If any further proof was needed that Thailand remains a dictatorship in the guise of a parliamentary quasi-democracy, the country’s Constitutional Court has delivered it. The court ruled on Feb. 21 that the opposition Future Forward Party, which won more than six million votes in semi-free elections held last March, broke an opaque electoral law by accepting a loan from its founder, charismatic young business tycoon Thanathorn Juangroongruangkit. The loan was necessary, the party argued, because it had no way of raising funds after the junta then in charge had forbidden any political fundraising and campaigning. The court’s judges, who were appointed by that same junta (which ousted a democratically elected government in 2014 and then rewrote the constitution at will), proceeded to disband Thailand’s second-largest opposition party with 76 members in a 500-seat parliament. The court also banned 16 of the party’s senior executives, including 41-year-old Thanathorn, from politics for 10 years.
The decision, though shocking in its unfairness, surprised no one. Thailand’s high courts have long been politicized, often interpreting laws in creative ways that benefit the country’s conservative, military-allied elite. In this case, because accepting loans is not technically illegal for political parties, the judges ruled that the interest rate of 2 percent set by Thanathorn on a loan of 191 million baht (US$6 million) to his party was too low. Thus, they argued, it was not a loan but a donation, which are capped at 10 million baht. Any sum beyond that is a violation of electoral law. That legal reasoning is dubious at best. You can be forgiven for suspecting that the court’s decision had been a forgone conclusion and its judges simply looked for a way to justify it. “The campaign financing rules are so ambiguous that it would have been impossible [for Future Forward] to know whether the loan contravened them,” The New York Times
has pointed out. “Other political parties have taken out loans without any legal ramifications.” That state of affairs has hardly been an accident. Vaguely worded laws have long been employed by Thailand’s courts to penalize pro-democracy voices and dissolve political parties whose policies and ideological leanings aren’t in line with those of the ruling elite. Over the years the Constitutional Court has disbanded eight opposition parties. It even invalidated the outcomes of two previous elections that would have swept anti-establishment parties to power. The court has invariably done so on the flimsiest of grounds. Observers and rights activists have described this strategy as a form of “lawfare” or “judicial harassment.” A veneer of legality is employed to cripple pro-democracy forces that seek to give a voice to the disenfranchised masses, particularly around the impoverished countryside. “The decision by the Constitutional Court to dissolve the Future Forward Party illustrates how the authorities use judicial processes to intimidate, harass and target political opposition,” Nicholas Bequelin, regional director of the rights group Amnesty International, said in a statement. “Thai authorities must reverse the dissolution decision and restore genuine rights to freedom of expression and association in the country.” Young voters want democratic change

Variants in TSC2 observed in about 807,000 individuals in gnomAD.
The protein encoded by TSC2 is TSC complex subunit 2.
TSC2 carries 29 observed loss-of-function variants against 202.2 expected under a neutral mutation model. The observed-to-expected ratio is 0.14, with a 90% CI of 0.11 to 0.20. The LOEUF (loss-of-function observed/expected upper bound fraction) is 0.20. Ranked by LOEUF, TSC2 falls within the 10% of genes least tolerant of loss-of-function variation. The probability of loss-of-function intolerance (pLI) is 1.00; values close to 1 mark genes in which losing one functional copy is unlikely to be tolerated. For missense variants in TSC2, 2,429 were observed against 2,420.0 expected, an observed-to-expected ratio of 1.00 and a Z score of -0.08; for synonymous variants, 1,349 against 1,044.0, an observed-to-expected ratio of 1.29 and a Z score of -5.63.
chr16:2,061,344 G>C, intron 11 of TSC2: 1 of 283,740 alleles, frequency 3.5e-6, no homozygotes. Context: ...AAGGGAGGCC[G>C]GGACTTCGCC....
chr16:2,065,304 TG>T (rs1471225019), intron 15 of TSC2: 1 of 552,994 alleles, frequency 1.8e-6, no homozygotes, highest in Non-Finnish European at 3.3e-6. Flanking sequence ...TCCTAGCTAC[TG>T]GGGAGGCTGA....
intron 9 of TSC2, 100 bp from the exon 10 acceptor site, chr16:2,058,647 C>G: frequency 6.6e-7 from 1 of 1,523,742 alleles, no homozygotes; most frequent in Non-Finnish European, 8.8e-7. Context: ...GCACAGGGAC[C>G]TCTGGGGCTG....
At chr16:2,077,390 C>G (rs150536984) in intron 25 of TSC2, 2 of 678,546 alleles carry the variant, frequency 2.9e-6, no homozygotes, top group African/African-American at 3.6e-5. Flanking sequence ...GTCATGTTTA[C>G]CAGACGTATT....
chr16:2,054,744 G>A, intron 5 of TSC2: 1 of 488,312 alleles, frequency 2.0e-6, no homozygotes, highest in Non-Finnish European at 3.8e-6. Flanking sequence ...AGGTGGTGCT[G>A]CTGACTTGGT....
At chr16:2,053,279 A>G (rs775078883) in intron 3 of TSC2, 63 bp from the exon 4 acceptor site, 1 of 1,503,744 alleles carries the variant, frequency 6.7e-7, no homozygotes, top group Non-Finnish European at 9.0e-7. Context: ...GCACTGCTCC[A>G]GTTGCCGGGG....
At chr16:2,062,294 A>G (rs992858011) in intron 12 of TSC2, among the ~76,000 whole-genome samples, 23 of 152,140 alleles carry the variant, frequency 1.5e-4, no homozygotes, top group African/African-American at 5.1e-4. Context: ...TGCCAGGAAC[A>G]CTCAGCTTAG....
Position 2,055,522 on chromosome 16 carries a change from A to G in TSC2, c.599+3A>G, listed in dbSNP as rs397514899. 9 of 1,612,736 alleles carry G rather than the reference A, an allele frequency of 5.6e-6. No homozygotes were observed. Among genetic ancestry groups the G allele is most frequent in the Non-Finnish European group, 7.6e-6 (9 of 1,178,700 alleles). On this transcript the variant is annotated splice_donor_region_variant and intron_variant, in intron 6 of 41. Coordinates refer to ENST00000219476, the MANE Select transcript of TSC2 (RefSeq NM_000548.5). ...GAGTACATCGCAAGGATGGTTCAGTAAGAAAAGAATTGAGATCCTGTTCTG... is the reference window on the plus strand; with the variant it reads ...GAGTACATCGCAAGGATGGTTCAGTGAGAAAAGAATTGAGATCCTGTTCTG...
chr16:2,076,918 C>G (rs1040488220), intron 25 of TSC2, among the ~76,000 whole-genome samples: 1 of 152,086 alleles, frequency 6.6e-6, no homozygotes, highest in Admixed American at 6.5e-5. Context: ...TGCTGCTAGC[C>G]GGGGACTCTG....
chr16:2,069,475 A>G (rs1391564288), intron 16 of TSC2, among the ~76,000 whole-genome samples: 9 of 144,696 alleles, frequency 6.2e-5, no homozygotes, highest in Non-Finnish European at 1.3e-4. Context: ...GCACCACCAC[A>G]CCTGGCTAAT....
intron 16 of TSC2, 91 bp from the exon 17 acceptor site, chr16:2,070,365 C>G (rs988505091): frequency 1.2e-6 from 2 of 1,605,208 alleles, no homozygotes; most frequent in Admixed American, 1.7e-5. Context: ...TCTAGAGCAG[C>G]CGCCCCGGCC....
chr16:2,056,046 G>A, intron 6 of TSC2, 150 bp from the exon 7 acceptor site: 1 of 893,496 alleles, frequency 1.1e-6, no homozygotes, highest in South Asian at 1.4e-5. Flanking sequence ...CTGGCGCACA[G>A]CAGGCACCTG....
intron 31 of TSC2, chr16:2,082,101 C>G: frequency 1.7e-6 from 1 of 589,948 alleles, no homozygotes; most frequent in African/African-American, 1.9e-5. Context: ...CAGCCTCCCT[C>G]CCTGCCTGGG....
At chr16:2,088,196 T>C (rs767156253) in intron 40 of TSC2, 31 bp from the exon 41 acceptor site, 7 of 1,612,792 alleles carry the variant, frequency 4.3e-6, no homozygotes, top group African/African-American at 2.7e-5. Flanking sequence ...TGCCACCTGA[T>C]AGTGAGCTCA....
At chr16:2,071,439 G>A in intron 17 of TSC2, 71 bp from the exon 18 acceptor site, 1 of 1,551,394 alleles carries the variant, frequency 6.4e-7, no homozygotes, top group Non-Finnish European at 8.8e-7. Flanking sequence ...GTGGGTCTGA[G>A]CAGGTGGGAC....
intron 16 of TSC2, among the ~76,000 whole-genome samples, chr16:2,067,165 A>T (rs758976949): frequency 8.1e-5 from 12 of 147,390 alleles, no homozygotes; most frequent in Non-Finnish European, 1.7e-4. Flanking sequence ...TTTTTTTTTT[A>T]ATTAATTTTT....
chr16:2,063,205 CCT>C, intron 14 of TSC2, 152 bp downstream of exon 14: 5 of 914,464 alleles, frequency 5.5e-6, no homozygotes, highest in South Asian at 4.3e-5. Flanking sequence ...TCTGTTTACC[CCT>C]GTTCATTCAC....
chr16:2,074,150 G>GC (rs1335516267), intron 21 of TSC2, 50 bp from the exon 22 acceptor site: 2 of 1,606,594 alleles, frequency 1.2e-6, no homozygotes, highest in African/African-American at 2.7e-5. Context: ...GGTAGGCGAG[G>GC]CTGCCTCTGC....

Future Forward has proved highly popular with young voters who want to see democratic change in Thailand at long last after several decades of stop-and-starts. The democratic rights of all the voters who have cast their ballots for the party have now been violated. By dissolving the party, which still has more than two dozen legal cases pending against it and its members, the military-allied ruling class has sought to rid itself of a pesky threat to the status quo that it wants to preserve seemingly at all cost. Yet the decision may well yet backfire. Both the United States and the European Union have raised concerns about the disbandment of Future Forward. Whether they will follow up with sanctions against the regime, which is headed by the ex-army general who led the coup against a democratically elected government in 2014, remains to be seen. What isn’t in any doubt is that Thailand’s long-cultivated self-image as a fledgling democracy has taken another blow. In private Thailand’s elites like to congratulate themselves on what they see as the superiority of their nation over its neighbors. Economically, Thailand is indeed well ahead of Laos, Cambodia or Myanmar. Politically speaking, however, it has been stuck in the same mire of undemocratic illiberality. As in those other countries where long-suffering locals languish under the boots of strongmen with big guns, in Thailand, too, the army and its political allies can act with complete impunity, aided by a judicial system with no political independence. As its name suggests, Future Forward had forward-looking policy proposals that, if implemented, would have benefited all disenfranchised Thais in one way or another. The party also called for a reform of the country’s powerful military so as to reduce its pernicious meddling in politics. The military-backed government has proposed no such policies — apart from an ill-defined promise to turn Thailand into a high-income nation in 20 years. After nearly six years in charge, the coup makers who now rule through a thin veneer of democratic legitimacy have little to show for their rule. Corruption is worse than ever in recent memory, Thailand remains one of the world’s most unequal countries, and the economy has long been stagnating. Given a chance, not many Thais would want this government to continue for a single day more. Yet, as the Constitutional Court’s latest decision has proved, they have no choice in the matter. The opinions expressed in this article are those of the author and do not necessarily reflect the official editorial position of UCA News.
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